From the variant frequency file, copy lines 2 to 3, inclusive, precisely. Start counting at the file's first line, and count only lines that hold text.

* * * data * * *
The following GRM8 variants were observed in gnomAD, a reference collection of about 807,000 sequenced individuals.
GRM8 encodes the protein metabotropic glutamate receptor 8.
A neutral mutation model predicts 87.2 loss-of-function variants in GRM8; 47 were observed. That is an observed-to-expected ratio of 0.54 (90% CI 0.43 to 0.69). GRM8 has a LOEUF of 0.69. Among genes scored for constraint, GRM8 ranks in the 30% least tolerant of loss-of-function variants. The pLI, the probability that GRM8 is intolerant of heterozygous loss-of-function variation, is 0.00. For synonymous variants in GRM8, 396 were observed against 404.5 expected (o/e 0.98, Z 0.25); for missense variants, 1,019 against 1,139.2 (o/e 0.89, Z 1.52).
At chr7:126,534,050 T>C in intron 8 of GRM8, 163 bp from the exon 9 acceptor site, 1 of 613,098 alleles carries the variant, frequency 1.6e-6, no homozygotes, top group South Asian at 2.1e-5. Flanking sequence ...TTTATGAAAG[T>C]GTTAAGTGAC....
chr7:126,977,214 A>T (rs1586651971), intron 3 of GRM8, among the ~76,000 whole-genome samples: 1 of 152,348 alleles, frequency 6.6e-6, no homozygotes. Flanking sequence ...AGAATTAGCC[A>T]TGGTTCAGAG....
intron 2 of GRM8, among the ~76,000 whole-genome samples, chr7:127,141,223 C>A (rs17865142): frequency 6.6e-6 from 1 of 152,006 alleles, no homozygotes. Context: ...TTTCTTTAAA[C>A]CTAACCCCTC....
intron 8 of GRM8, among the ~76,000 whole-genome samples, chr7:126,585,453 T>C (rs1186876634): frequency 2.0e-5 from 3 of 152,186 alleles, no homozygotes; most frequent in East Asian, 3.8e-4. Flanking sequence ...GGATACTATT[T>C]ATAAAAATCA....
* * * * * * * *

GRM8 encodes the protein metabotropic glutamate receptor 8.
A neutral mutation model predicts 87.2 loss-of-function variants in GRM8; 47 were observed. That is an observed-to-expected ratio of 0.54 (90% CI 0.43 to 0.69). GRM8 has a LOEUF of 0.69. Among genes scored for constraint, GRM8 ranks in the 30% least tolerant of loss-of-function variants. The pLI, the probability that GRM8 is intolerant of heterozygous loss-of-function variation, is 0.00. For synonymous variants in GRM8, 396 were observed against 404.5 expected (o/e 0.98, Z 0.25); for missense variants, 1,019 against 1,139.2 (o/e 0.89, Z 1.52).